If you're wealthy, living on a large estate with a long paved driveway then this article's not for you. Just leave the maintenance to your groundskeepers while you bask on the beach in the south of France. For the rest of us commoners that have to maintain our own long sloping, gravel, rocky or even muddy driveways, maybe this brief discussion will offer a little assistance. I really hope so. After moving to the sticks nearly forty years ago and setting up housekeeping over one quarter mile from the county road, I discovered that I was going to be required to do periodic maintenance on our long, sloping gravel drive, that is if I wanted it to be passable. The times when I put off the work only added to my labor when I finally got started. Driveways, access trails to fields, ponds or other geographic features all must be maintained or they will eventually become impassable. A few tips with personal photos follow.
Driveways need to be crowned. That is, they need to be higher along the centerline than they are on the edges so that falling rain will head for the ditch and not begin running along in the drive itself. If this happens then it won't be long until you form a rut that will just get bigger and bigger. A flat surfaced, uncrowned drive will soon form pot holes and ruts from water run off.
Turnouts are important, especially on sloping drives, trails or other thoroughfares. Water moving downhill is continually gaining speed, momentum and volume. Have you ever seen concrete lined ditches alongside a sloped section of highway, the ones that have concrete bricks embedded in them? Those bricks are to slow the speed and force of rushing water. By placing turnouts, such as the one shown in the photo, you divert - get rid of - part of the runoff and most of it's damage causing potential. Usually these turnouts are placed at each side of the drive and a "humped up" portion of earth makes sure that the water leaves the drive at that point and does not head down the drive itself.
This turnout on a rocky hillside trail diverts water from a sloping agricultural access off into the drainage at the bottom of a hollow. This turnout to the right has a hump just below on the trail. Note that since there is an earth bank on the left side only a turnout to the right could be made. These turnouts are spaced at about fifty feet apart on this curvy descent to a river bottom field.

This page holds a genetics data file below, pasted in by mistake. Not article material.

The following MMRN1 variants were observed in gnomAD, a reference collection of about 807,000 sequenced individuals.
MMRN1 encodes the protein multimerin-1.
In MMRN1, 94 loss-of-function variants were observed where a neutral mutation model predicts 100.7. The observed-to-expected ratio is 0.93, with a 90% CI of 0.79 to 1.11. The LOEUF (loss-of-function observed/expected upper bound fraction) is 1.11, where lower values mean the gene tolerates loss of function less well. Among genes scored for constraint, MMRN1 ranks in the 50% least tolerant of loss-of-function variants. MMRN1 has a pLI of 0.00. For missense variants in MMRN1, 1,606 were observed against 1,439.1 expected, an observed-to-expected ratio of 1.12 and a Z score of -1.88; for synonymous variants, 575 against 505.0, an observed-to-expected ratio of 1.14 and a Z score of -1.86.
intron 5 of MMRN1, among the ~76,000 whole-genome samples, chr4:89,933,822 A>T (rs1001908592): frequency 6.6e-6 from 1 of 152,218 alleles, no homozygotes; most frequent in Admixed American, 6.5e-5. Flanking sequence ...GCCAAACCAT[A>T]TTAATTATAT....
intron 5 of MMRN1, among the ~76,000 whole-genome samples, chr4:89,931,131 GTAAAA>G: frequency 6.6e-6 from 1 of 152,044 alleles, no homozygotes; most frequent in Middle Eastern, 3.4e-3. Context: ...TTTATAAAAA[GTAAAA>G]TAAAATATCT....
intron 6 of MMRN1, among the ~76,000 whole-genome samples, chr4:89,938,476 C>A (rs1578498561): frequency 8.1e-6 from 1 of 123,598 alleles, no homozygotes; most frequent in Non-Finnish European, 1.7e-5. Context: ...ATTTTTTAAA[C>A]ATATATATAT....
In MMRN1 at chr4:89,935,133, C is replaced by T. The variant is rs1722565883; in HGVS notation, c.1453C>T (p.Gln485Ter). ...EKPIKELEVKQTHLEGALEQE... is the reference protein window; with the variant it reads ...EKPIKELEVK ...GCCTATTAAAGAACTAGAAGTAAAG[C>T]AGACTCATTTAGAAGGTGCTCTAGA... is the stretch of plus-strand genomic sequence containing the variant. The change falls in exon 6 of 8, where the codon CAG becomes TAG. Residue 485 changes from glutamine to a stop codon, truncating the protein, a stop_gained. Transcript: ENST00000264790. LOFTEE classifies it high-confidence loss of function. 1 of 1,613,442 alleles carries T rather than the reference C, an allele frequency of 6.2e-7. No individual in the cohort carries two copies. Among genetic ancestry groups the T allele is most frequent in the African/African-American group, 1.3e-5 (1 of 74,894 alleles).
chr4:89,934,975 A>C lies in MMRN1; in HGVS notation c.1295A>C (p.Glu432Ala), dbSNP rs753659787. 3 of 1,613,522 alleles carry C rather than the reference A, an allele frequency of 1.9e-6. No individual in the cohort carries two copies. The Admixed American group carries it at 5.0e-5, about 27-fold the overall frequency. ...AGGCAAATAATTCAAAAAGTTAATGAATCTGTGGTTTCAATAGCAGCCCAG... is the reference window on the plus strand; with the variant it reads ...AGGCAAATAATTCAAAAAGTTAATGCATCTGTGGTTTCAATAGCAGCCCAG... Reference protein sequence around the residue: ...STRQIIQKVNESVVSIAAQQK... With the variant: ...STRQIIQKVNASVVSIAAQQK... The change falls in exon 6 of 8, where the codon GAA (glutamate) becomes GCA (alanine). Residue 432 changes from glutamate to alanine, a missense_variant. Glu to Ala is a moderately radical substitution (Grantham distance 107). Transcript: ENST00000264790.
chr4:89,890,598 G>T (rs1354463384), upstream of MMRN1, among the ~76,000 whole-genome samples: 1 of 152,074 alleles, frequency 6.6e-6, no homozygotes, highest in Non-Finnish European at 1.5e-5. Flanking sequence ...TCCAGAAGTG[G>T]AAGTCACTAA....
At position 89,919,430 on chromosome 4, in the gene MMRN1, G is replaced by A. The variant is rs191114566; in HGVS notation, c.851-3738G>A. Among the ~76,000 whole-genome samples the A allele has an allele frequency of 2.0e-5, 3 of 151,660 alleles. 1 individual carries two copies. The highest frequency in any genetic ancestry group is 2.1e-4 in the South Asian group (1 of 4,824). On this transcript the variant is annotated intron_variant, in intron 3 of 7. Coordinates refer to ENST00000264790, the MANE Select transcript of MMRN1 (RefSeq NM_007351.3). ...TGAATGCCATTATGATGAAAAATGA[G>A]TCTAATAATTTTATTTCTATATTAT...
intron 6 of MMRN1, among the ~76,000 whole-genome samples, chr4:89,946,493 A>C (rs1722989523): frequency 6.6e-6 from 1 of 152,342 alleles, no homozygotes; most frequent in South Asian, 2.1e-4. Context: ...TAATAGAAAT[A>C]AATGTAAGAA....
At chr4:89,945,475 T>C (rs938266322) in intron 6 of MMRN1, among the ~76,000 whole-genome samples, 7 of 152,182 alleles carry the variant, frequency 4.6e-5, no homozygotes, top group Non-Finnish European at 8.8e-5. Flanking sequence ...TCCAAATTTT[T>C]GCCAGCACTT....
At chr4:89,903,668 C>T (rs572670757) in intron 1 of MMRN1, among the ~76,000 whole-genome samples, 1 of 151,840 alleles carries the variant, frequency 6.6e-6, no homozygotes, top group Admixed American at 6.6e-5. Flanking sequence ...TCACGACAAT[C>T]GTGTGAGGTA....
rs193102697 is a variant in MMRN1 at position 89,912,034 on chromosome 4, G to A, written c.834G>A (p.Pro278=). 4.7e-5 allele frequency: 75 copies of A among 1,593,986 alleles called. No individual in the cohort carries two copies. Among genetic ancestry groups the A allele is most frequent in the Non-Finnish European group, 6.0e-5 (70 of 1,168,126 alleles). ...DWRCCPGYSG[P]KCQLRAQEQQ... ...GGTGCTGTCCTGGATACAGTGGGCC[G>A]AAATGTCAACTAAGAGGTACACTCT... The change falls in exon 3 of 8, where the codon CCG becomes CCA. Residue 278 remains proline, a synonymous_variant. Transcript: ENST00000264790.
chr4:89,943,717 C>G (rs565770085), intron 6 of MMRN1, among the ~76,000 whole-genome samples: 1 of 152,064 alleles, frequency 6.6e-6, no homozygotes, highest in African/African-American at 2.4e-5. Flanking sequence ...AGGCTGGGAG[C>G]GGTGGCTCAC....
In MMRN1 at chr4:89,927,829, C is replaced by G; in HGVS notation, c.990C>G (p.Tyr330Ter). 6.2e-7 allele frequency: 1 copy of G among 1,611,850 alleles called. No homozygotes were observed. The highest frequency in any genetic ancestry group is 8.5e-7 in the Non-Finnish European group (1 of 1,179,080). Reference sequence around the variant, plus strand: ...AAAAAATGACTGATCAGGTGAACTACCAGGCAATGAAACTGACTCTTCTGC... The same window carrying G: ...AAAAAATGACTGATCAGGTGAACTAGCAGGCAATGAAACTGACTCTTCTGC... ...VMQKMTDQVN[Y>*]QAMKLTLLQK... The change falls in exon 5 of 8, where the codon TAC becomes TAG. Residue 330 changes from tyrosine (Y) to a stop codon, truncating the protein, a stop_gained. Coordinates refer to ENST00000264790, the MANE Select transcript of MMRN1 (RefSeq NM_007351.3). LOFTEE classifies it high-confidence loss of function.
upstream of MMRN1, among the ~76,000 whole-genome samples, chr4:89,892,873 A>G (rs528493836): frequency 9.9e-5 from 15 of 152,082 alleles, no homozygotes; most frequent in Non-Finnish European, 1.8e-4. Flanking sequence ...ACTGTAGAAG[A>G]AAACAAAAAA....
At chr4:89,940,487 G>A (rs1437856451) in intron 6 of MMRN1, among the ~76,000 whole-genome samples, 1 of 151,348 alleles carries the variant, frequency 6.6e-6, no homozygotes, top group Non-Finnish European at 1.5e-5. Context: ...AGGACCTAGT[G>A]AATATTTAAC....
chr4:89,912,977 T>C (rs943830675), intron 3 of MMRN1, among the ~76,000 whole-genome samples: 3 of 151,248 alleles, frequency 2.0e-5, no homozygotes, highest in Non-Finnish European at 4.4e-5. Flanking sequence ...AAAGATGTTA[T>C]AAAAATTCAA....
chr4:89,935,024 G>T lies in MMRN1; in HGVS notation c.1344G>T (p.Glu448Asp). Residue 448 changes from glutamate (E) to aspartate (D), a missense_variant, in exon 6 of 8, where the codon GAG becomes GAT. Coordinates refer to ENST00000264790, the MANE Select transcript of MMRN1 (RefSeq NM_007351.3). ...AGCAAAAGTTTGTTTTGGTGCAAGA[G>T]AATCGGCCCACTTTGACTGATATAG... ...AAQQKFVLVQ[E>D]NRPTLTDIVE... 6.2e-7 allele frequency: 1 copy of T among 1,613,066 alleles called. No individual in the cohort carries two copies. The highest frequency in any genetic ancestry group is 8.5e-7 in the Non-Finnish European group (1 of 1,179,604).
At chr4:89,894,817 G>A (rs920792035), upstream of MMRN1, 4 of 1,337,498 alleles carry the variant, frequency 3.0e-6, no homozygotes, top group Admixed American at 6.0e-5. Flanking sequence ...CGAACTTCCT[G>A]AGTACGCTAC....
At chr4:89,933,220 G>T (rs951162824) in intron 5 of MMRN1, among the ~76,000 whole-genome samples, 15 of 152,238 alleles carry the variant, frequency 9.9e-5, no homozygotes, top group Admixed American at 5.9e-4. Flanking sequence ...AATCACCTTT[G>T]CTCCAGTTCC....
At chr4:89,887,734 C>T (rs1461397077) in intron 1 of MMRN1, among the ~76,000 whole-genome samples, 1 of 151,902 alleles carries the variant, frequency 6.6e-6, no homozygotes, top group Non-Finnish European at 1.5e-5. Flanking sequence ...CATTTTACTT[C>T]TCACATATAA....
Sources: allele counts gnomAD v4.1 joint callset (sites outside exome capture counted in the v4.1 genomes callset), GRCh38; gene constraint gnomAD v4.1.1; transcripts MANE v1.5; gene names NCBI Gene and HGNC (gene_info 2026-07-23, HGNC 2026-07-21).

Where drainage crosses a trail or drive, a culvert, such as the plastic one shown in the photo, can be installed to stop deepening of the rut that was being made. This drainage crossing the trail was making a rut deep enough to cause problems getting over it.
This bridge was constructed at the owner's shop and is made of pressure treated wood. It was then transported by tractor to the site and set in place. This was much easier than constructing a bridge onsite. It was built strong enough to withstand large, heavy vehicles such as LP gas trucks, tractors and ready mix concrete trucks. Consider what traffic will pass over culverts and bridges that are to be constructed on your drives and accesses.
When buying a tractor you don't have to spend a fortune. Shop around awhile and look for what you want/need before making a decision. A three point hitch, front end loader, detachable backhoe, four wheel drive and extra hydraulics are all things to consider when shopping for your diesel workhorse.
This section of gravel driveway required gravel fill to keep soft material from washing out and forming pot holes. From time to time you may have to add crushed gravel or washed stone to parts of your access drive. Crushed stone will hold together far better than washed river stone/gravel.
A tractor with a front end loader, detachable backhoe and three point hydraulic hitch can be used to build and maintain drives and trails, install culverts, haul earth and gravel and all of the other tasks associated with gravel/dirt accesses.